The United States Supreme Court granted Boechler’s petition for writ of certiorari on September 30, 2021. Brief for the Petitioner at 1.



Boechler argues that the limitations period in Section 6330(d)(1) (“Limitations Period”) is not a jurisdictional rule that limits or qualifies the jurisdiction of the Tax Court. Brief for the Petitioner, Boechler, P.C. at 14–15. Under the clear-statement rule, Boechler points out, a court will determine that a claim-processing rule is a jurisdictional rule only if Congress provides a clear statement to support such a conclusion. Id. at 15. Boechler notes that courts generally categorize filing deadlines as claim-processing rules rather than jurisdictional rules and set an extremely high measure to find time limits jurisdictional because filing deadlines do not inherently limit a court’s ability to hear a case. Id. at 16. Boechler argues that the text of Section 6330(d)(1) contains two distinct, independent parts—a jurisdictional provision and the Limitations Period. Id. at 17. Boechler contends that the jurisdictional provision gives the Tax Court authority to review petitions of CDP determinations, while the Limitations Period gives taxpayers a filing deadline of 30 days to file such reviews ­– illustrating the distinct nature of each provision that is neither conditioned on nor linked to one another. Id. at 17–18.

Furthermore, Boechler notes that a statutory provision, like the Limitations Period, is not automatically jurisdictional because of its proximity to a separate, jurisdictional provision. Id. at 17. To support the assertion that the two parts are not linked or conditioned on each other, Boechler analyzes a key phrase in the jurisdictional provision of Section 6330(d)(1), which states that the Tax Court has jurisdiction over “such matter.” Id. at 18–19. Following the principle of the last-antecedent rule, Boechler maintains that “such matter” refers only to the immediately preceding phrase in the statute, which describes petitions of CDP determinations and not the 30-day filing deadline. Id. 19-20. Accordingly, Boechler concludes that the Limitations Period is subject to the clear-statement rule and is thereby a claim processing rule, rather than a jurisdictional requirement, based on the lack of conditional language in the statute indicating direct separation between the jurisdictional requirement and the Limitations Period. Id. at 20–21.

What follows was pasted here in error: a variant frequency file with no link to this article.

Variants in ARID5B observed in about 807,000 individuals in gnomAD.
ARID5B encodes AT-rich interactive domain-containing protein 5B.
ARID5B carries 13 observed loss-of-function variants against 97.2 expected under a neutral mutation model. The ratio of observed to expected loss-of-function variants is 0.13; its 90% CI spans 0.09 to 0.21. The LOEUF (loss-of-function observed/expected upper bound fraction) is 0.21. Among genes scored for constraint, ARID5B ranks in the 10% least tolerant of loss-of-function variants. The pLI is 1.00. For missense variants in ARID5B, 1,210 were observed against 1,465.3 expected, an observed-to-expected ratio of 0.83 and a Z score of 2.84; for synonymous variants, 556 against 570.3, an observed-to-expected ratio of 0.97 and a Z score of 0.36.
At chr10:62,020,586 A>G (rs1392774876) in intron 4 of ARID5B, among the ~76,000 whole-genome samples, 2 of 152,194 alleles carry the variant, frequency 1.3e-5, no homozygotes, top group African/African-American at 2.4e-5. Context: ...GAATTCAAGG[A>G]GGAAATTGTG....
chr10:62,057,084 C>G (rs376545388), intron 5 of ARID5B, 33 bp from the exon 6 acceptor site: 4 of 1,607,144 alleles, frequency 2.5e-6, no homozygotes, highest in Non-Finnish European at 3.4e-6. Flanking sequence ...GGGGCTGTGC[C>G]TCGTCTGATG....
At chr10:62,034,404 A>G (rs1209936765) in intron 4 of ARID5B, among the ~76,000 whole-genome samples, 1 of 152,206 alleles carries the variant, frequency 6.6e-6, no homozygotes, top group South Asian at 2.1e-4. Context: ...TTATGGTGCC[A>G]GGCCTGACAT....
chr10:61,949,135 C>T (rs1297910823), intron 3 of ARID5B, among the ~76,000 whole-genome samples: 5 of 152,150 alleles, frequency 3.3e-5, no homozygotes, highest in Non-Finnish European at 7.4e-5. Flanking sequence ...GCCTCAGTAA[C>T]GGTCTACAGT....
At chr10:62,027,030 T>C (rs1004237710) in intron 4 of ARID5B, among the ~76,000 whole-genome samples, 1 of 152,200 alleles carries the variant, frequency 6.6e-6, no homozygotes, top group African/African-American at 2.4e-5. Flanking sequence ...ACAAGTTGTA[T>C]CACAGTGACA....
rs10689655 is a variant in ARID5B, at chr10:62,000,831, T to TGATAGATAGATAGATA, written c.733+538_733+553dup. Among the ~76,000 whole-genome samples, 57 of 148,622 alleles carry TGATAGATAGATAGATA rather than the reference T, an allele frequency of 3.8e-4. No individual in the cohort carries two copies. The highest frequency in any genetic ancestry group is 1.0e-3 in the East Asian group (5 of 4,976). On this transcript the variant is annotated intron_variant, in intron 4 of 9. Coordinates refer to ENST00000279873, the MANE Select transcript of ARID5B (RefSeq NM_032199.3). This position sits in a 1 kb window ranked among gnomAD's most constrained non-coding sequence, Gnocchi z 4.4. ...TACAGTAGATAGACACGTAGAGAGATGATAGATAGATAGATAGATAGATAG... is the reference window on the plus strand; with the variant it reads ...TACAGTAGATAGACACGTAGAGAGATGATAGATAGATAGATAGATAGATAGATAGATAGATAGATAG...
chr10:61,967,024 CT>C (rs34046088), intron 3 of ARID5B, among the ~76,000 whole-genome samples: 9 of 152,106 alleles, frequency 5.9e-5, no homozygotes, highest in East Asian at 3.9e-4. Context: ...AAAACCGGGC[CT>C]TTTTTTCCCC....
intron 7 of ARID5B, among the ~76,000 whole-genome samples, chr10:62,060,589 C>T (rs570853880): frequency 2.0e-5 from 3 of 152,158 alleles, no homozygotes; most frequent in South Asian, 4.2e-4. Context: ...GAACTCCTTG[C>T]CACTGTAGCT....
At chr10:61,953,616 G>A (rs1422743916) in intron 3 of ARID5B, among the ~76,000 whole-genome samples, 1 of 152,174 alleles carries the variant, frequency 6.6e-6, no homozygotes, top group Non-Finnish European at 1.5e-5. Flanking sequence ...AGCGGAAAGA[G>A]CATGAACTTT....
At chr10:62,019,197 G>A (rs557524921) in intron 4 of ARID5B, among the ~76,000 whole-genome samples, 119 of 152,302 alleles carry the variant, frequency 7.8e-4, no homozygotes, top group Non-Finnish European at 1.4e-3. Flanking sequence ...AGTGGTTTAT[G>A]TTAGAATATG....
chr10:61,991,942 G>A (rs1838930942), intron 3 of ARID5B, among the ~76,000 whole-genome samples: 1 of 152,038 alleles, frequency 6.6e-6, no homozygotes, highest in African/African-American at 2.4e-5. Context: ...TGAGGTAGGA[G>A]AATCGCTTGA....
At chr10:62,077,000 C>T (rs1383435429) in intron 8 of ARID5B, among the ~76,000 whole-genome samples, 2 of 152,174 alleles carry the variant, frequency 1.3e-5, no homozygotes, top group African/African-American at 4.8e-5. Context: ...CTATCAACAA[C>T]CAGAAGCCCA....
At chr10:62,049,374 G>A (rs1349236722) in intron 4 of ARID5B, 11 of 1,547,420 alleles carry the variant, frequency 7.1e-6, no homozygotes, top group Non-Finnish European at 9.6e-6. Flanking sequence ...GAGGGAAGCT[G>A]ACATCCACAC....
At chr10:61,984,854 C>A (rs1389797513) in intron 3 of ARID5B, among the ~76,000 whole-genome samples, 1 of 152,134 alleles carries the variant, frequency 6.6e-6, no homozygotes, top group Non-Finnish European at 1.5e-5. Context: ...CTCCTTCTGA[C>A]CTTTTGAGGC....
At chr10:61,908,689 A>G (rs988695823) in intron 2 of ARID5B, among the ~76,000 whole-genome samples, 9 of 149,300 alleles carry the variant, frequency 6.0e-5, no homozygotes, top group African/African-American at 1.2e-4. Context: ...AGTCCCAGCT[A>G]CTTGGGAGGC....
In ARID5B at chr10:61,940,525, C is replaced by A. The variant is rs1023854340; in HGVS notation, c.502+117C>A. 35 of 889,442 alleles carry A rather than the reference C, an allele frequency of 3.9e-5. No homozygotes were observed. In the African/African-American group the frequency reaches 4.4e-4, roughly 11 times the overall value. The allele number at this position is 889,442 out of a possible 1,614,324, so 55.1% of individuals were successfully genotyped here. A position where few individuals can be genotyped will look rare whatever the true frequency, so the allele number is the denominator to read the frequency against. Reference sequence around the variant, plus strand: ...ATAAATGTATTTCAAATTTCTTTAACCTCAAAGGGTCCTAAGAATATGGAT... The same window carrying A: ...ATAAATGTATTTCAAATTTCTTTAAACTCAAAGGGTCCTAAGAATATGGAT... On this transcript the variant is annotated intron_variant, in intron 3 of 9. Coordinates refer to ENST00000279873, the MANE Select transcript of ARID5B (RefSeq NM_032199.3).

Commissioner counters that the Limitations Period is a jurisdictional rule based on the plain text of Section 6330(d)(1). Brief for the Respondent, Commissioner of Internal Revenue (“Brief for Respondent”), at 17. Commissioner notes that while a time limit is generally presumed as non-jurisdictional, the presumption may be rebutted if the plain text of a statute shows that Congress intended the time limit to reflect jurisdictional limits by incorporating a limiting time period into a jurisdictional provision. Id. at 17–18. This principle applies to the Limitations Period, Commissioner contends, because Section 6330(d)(1) contains clear, jurisdictional language, rendering the Limitations Period a jurisdictional rule by incorporation. Id. at 18–19. Commissioner further counters that the Limitations Period and the jurisdictional provision of Section 6330(d)(1) are explicitly linked by the statute’s plain text. Id. at 19. Commissioner interprets “such matter” as referring specifically to a petition that satisfies the specified 30-day filing deadline because the entirety of Section 6330(d)(1) is interconnected and must be read as a whole. Id. at 19–20.

In contrast with Boechler’s assertion that Section 6330(d)(1) contains two distinct parts with unique roles, Commissioner argues that both parts serve similar functions by establishing prerequisites for a taxpayer to bring a petition within the Tax Court’s jurisdiction. Id. at 20–21. The mere absence of explicitly conditional language, Commissioner maintains, does not render the Limitations Period a non-jurisdictional rule because doing so would improperly transform the purpose of the clear statement rule to require a specific formulation of words, rather than an evaluation of the relevant treatment, context, and statutory text. Id. at 21.